“Jerry came in on another track, which was a ballad that I had written. He nailed it and got it really beautiful and took the melody and all that sort of stuff.

“And, then, we had about an hour left before our studio time was up and I said, ‘Do you want to have a go at Purple Haze?’ and he said, ‘Hell, yeah!’

“I played a bit of it for him and he joined in and he said, ‘Let’s not rehearse it. Let’s just play it.’ So, we did and that’s the track. We only played it once.”

When I asked Tommy what was it about that song that made him think of it, he said:

“Well, I just thought it was the most unexpected thing: acoustic guitar and dobro playing Purple Haze. You would just never imagine that. Jerry said, ‘This will really tick off all the bluegrass purist against me and I’m okay about that.’ It was just an experience and an experiment, and it worked really well.

“Now, as far as tracks like I did with Jason Isbell, Deep River Blues: he was the right choice for that because he’s from Tommy Emmanuel Photo 1Muscle Shoals. He’s got that sound when he sings. It’s so relaxing. It’s such a relaxed sounding way of singing. I just love his voice, too. He’s the right choice for that.

“And his wife, Amanda Shires, will be at the Tennessee Theatre with me. Her and I did a cover of Madonna’s ‘Borderline’. Again, I chose that because she can carry that off. She can sing in that way – almost like a young Dolly Parton. She plays the fiddle great and all that and I just thought it was something unusual to do. It might grab the attention of radio and people who listen to radio. That was what I was trying to achieve there.

“The cut with Ricky Skaggs: I taught him a song – he’d never heard it before and in five minutes he owned it. Ricky’s such a good singer. And, of course, the track with Mark Knopfler: that was Mark’s song and he taught it to me in five minutes. We did the same thing. We just sat there in front of the microphones and played live. That’s the recording. I was at his studio a total of one hour and I had the finished master in my hand. It’s been really great.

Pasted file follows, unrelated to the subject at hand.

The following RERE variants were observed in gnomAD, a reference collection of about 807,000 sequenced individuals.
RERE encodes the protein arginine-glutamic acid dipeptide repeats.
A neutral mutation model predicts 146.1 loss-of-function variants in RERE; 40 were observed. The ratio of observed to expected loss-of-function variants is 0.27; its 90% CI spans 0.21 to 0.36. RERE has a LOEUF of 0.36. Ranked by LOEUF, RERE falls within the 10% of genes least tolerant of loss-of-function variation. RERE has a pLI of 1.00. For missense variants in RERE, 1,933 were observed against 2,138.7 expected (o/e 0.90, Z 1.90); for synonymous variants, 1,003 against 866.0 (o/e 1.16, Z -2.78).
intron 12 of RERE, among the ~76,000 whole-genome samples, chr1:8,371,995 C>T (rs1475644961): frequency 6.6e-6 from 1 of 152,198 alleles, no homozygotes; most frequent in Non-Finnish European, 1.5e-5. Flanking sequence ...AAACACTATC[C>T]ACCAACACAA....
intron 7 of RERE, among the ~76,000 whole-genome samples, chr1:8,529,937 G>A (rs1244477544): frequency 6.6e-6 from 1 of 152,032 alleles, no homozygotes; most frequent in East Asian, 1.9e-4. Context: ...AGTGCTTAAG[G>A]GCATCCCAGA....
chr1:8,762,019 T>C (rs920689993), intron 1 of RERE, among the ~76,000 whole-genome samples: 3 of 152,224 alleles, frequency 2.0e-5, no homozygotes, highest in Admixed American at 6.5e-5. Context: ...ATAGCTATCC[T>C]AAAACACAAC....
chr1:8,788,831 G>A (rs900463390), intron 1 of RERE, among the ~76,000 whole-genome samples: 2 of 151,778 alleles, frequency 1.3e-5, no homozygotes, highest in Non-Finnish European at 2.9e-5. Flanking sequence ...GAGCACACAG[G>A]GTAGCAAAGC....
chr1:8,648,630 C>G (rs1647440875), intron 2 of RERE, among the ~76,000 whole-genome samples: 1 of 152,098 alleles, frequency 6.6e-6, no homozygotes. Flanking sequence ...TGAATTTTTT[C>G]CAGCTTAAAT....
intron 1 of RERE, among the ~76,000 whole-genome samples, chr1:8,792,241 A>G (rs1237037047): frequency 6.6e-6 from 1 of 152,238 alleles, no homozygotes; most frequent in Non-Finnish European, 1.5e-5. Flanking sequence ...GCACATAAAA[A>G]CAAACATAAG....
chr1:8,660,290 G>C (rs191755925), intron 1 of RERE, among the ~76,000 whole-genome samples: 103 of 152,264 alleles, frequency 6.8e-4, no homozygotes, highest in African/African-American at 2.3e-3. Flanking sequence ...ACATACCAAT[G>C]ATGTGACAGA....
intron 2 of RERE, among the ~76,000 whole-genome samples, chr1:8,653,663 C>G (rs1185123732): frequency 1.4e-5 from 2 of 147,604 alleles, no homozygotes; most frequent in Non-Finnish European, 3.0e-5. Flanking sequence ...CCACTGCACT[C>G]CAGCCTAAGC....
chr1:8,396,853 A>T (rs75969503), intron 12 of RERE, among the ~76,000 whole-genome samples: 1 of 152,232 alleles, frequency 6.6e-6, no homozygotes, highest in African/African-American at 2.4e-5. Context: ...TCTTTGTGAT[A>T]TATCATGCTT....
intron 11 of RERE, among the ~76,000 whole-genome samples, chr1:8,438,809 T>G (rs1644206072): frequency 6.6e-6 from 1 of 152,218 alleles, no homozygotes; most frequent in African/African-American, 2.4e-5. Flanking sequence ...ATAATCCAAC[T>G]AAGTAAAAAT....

“The Django Reinhardt track, Djangology, that I did with Frank Vignola and Vinny Raniolo: that was done with an audience, live in the studio and the audience were our students. We were teaching the first-ever guitar camp in Havana, Cuba, last year. The lesson for the day that day was everybody came into the studio and we seated eighty-five students in the orchestral room. Then, we proceeded to arrange Djangology for three guitars. Each one of us worked out a part that would harmonize with the other and we showed them how we did that. Then, we put it all together. Musically, it sounded really nice.

“We set up mics and said, ‘Okay, everybody, quiet as we can. We’re going to record it, now.’ So, we recorded it with eighty-five kids sitting in front of us. It’s just a great way of doing stuff.

“This album has so many quirky things going on with it. I think that’s why people like it. It doesn’t sound contrived or overproduced, you know? Everything’s just real instruments; real people; real microphones; and that’s it.”

Does Tommy feel that he’s moving more into the American direction?

“Well, it’s my favorite kind of music and I think it’s what I play best. I’ve had a go at jazz albums. I’ve had a go at rock albums and all that sort of stuff. I think this is the kind of music that’s in my blood. I can find a lot good songs in that genre that I enjoy playing and singing. I think it’s a great chance to collaborate with some real talent from this country, you know?

Tommy Emmanuel Photo 2“David Grisman, Brian Sutton, and I recorded six songs together that morning. I think they were all one take because guys at that level are so ‘on’ when they play that you just gotta capture it. You don’t need to be stopping and starting again. They can play it right every time.”

Tommy’s very good at reaching out and bringing in talent that people may not have heard of. He recently toured with another great guitarist that Joe Bonamassa turned me on to a few years ago: J.D. Simo. I asked Emmanuel how that tour went and there will be future tours together.

“I’m bringing J.D. to England with me next year because he’s well respected and loved in Europe and England. We’re going to tour together next year over there. The American tour was mostly in California and it was really wonderful. He just played on his own. Then he and I did ‘Dock on the Bay’ and a couple of other instrumental tunes. He just tore it up!